Interview with Jill Newton, October 24, 2022
Project: Peace Corps: The Returned Peace Corps Volunteer Oral History Project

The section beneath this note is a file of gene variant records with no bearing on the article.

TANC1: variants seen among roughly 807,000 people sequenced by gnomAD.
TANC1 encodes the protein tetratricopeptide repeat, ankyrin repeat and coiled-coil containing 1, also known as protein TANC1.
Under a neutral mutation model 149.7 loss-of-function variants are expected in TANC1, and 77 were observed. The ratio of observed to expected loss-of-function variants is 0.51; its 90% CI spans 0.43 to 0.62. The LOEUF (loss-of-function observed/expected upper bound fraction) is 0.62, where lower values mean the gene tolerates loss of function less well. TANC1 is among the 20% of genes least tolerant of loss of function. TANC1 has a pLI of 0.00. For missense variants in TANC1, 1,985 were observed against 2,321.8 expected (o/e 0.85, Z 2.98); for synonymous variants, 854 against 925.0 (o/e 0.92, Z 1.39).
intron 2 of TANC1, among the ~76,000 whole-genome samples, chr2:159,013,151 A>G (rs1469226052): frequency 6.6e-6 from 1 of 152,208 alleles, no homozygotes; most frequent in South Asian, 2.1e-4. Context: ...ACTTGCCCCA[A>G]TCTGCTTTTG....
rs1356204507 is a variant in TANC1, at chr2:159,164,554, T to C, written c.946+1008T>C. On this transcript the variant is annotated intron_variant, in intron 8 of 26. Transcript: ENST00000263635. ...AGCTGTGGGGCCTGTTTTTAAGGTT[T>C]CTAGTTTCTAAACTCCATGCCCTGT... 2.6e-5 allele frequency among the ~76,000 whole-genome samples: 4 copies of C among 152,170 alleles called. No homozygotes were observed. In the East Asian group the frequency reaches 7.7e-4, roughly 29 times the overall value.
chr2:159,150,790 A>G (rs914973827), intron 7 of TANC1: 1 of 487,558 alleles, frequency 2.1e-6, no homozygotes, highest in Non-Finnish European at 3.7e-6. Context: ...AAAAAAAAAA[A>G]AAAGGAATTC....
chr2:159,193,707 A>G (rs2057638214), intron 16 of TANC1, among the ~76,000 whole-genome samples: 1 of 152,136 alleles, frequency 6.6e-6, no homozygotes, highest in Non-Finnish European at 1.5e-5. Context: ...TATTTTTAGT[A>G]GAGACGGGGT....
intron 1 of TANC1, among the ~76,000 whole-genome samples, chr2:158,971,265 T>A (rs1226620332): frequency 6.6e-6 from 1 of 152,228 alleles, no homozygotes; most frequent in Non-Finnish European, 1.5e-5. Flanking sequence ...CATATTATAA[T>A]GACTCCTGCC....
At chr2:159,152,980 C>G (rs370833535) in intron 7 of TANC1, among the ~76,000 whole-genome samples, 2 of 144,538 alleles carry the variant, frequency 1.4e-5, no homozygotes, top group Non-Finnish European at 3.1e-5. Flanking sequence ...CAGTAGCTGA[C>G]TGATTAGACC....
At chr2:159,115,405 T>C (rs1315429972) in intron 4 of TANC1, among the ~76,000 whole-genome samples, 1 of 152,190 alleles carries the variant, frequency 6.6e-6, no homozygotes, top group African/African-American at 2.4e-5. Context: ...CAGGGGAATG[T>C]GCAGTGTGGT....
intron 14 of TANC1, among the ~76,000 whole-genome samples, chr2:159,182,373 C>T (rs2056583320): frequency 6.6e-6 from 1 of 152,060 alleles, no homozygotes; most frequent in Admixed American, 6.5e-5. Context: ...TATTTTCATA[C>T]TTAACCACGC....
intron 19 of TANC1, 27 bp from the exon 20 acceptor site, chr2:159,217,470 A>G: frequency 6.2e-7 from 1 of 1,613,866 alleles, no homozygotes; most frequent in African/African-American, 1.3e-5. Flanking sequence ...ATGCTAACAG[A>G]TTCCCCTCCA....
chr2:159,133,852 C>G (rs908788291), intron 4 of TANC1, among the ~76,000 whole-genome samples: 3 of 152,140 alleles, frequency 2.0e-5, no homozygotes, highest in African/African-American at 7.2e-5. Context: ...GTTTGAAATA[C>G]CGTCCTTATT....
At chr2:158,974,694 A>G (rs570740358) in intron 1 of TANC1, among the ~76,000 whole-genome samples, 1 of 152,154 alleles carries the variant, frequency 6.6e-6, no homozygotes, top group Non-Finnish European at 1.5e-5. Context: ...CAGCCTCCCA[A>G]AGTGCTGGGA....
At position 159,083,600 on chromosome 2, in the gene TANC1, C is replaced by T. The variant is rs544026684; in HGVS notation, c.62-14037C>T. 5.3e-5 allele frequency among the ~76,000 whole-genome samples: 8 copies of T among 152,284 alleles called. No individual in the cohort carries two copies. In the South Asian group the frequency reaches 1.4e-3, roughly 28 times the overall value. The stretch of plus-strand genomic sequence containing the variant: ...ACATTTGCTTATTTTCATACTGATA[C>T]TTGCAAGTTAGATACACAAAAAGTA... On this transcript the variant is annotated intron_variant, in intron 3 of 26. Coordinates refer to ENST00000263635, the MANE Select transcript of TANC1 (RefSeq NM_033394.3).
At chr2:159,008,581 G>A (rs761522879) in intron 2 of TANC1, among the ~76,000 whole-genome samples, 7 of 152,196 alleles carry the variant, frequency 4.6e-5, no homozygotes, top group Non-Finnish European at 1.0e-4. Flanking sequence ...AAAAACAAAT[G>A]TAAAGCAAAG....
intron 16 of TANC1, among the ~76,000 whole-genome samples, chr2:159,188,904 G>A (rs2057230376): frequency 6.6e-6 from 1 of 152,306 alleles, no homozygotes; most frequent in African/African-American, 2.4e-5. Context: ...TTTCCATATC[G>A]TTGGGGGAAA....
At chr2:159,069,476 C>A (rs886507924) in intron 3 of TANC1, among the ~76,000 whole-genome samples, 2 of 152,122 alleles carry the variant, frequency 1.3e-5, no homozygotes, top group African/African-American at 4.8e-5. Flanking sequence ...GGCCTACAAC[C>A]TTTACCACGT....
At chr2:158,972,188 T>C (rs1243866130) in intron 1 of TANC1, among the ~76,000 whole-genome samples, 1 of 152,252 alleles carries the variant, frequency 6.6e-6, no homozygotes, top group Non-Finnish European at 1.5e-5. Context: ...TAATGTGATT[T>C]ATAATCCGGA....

Interview SummaryJill Newton served as a Peace Corps Volunteer (Education) in Papua New Guinea (PNG) from 1988-1990. Raised in Bangor, Michigan, Jill recalls family camping trips throughout the U.S. She describes her parents as adventurous and service-oriented, values that Jill carried into her life. While studying for her bachelor’s degree in math and science education at Michigan State University, Jill met a Peace Corps Volunteer/recruiter who described riding a camel to her school. That story, and her parents’ example, intrigued Jill, and she decided to join the Peace Corps. One year after college graduation, Jill accepted a Peace Corps assignment to teach 7th-10th grade math and science to girls at Holy Name High School on the East Coast of PNG. Jill’s Peace Corps training started with a brief stop in Hawaii to meet her training group, the second stop in Port Moresby, PNG’s capital, for a few days’ administrative work, and then on to six weeks of language and culture training in the highlands of PNG. She learned Tok Pisin, a phonetic English language used throughout New Guinea. Jill spoke Tok Pisin in daily conversations and other activities to build relationships, but she taught in English. After training, Jill flew on a bush plane to Wedau Village and then traveled by tractor and wagon to her teaching assignment at Dogura Station on the plateau above. Jill’s school had a British headmistress and followed the British educational system. Several students came from families of means, but the PNG government also sponsored students from rural villages to broaden educational opportunities. Jill admired her students for being diligent and eager to learn. Teachers and students lived full-time on the school grounds. Jill’s roommates were other Peace Corps Volunteers – Susan Wendling from Chicago and then Jane Flock from Minnesota. The roommates quickly became fast friends. Jill and the other teachers were available evenings and weekends for tutoring, visiting, and picnics at the nearby beach. Jill especially remembers enjoying the girls’ storytelling from their tradition of legends. Jill was at first homesick for her family in Michigan, but she soon integrated into her close-knit community at Dogura Station and Wedau Village. And during her service, Jill was able to share her Peace Corps life in PNG with her parents and a sister who came to visit her school site and to travel together throughout PNG and Australia. Looking back, Jill views her Peace Corps service as “transformational.” Jill learned from her parets that “It’s all about relationships” and so she keeps in touch with a worldwide network of friends and former PNG colleagues, students, and their families through Facebook. Jill’s life since leaving PPG in 1990 abounds with Peace Corps-inspired activities, including: international teaching for seven years in Europe, Africa, and Latin America; and creating a month-long Study Abroad program at Purdue University modeled after her Peace Corps experience. Called “Maymester in Tanzania,” Jill’s program has taken 200 participants to Tanzania for service learning projects in schools and health clinics. Eight of its graduates have joined the Peace Corps, and a ninth is about to begin. Jill plans to return to PNG in 2024 for a reunion after attending a professional conference in Sydney, Australia.